TUCSON, Ariz. -- When Lloyd Lewis started building retirement communities more than 25 years ago, he took a scouting trip around the country to see what was out there.
What he found was a virtual desert -- an "ageist society" with no real quality service for the elderly.
What he ended up becoming was a pioneer in retirement living.
"I hadn't wanted to get involved in retirement communities because I didn't believe in segregation by age, but I was urged to because the need was so great," said Lewis recently during a break at an informal conference here to promote the Arizona Academy, a planned retirement community near Tucson for "people who want to stay involved in life." Lewis, a partner in the new endeavor, was a key speaker on a subject he knows well: reinventing retirement.
He described his achievements as founder of Pennsylvania-based Kendal Communities Development Co. in building or advising 15 projects, including three near college campuses, that have served as models for innovation. His first project, in 1971, Kendal at Longwood, Pa., was sponsored by a group of Quaker Friends who perceived the need for such a facility.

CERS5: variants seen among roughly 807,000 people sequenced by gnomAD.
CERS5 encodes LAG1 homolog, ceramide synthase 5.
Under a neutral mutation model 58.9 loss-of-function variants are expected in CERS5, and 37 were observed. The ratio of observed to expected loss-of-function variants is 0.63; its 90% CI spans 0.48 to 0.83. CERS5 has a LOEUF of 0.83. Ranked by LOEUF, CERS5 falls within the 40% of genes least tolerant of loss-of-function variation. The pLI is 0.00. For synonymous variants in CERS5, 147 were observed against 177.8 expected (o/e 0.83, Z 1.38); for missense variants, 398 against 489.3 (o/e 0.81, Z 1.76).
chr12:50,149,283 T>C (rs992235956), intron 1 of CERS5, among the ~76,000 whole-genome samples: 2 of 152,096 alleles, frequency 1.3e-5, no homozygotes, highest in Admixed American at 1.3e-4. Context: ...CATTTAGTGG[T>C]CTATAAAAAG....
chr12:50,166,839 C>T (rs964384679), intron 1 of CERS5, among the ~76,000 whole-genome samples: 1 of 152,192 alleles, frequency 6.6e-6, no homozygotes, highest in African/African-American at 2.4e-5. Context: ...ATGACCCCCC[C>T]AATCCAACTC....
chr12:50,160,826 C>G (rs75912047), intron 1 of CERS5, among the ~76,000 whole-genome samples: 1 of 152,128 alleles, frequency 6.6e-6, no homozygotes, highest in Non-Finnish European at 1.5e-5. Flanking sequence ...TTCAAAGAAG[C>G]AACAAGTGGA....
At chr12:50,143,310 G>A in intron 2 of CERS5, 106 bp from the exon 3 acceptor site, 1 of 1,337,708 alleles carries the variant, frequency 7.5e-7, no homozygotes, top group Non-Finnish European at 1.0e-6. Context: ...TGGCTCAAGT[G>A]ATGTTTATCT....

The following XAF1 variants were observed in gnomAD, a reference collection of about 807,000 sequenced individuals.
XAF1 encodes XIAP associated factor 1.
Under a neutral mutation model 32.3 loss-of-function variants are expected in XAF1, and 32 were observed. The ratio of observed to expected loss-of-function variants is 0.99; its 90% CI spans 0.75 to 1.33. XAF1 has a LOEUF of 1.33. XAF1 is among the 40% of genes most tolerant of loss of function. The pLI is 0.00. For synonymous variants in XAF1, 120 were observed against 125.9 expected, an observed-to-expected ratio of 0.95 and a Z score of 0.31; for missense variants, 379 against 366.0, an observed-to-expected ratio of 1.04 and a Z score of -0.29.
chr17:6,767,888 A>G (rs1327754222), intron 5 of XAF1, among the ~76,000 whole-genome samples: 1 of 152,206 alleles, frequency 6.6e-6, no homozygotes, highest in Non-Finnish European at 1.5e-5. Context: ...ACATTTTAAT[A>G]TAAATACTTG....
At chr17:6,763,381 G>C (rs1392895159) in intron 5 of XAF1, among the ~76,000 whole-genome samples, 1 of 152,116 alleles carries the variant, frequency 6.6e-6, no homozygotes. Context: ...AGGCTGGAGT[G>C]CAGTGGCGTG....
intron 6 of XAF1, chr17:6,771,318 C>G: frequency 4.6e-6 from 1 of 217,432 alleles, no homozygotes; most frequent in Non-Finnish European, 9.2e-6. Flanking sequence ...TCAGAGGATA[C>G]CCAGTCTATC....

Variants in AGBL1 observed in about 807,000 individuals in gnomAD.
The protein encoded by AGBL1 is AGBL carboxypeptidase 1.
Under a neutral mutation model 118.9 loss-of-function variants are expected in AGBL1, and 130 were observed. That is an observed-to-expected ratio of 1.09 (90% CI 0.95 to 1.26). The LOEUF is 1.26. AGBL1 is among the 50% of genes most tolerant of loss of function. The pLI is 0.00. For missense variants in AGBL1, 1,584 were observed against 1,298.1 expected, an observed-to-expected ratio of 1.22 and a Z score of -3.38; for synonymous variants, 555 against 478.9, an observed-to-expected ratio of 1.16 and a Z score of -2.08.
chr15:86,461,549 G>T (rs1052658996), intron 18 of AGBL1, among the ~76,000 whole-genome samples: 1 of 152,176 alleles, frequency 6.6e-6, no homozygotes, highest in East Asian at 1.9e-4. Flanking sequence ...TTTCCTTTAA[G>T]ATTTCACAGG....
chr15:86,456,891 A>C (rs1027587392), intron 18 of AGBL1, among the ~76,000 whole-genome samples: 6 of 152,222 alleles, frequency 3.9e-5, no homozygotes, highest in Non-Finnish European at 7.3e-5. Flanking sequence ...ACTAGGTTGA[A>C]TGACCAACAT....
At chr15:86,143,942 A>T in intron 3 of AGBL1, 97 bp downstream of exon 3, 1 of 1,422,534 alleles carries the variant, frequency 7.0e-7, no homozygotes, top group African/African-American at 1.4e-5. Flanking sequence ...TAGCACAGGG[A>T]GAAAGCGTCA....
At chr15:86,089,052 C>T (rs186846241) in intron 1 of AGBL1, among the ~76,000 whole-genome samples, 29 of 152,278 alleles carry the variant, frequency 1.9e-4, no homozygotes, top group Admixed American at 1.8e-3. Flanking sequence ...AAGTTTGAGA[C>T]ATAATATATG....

Today, Lewis told his audience, the Longwood Kendal has 350 residents, whose average age is 75.
"They are not sitting around -- they have 70 active committees and are far outperforming the national average of longevity," he told his audience. "I'm sure that living an active life, a vital life, is the key to a successful old age."
At 70, Lewis, who has been ahead of the curve in preaching active retirement, finds that his message is starting to sound like the new buzzword.
The country's aging baby boomers, now edging into their 50s, are already getting credit for giving retirement a peppy new look. "Boomers to Reinvent Retirement," announces the current issue of American Association of Retired Persons Bulletin, predicting that boomers will stretch out their working lives, moving in and out of new careers, leading productive lives well into their 80s.
This has been Lewis' idea all along.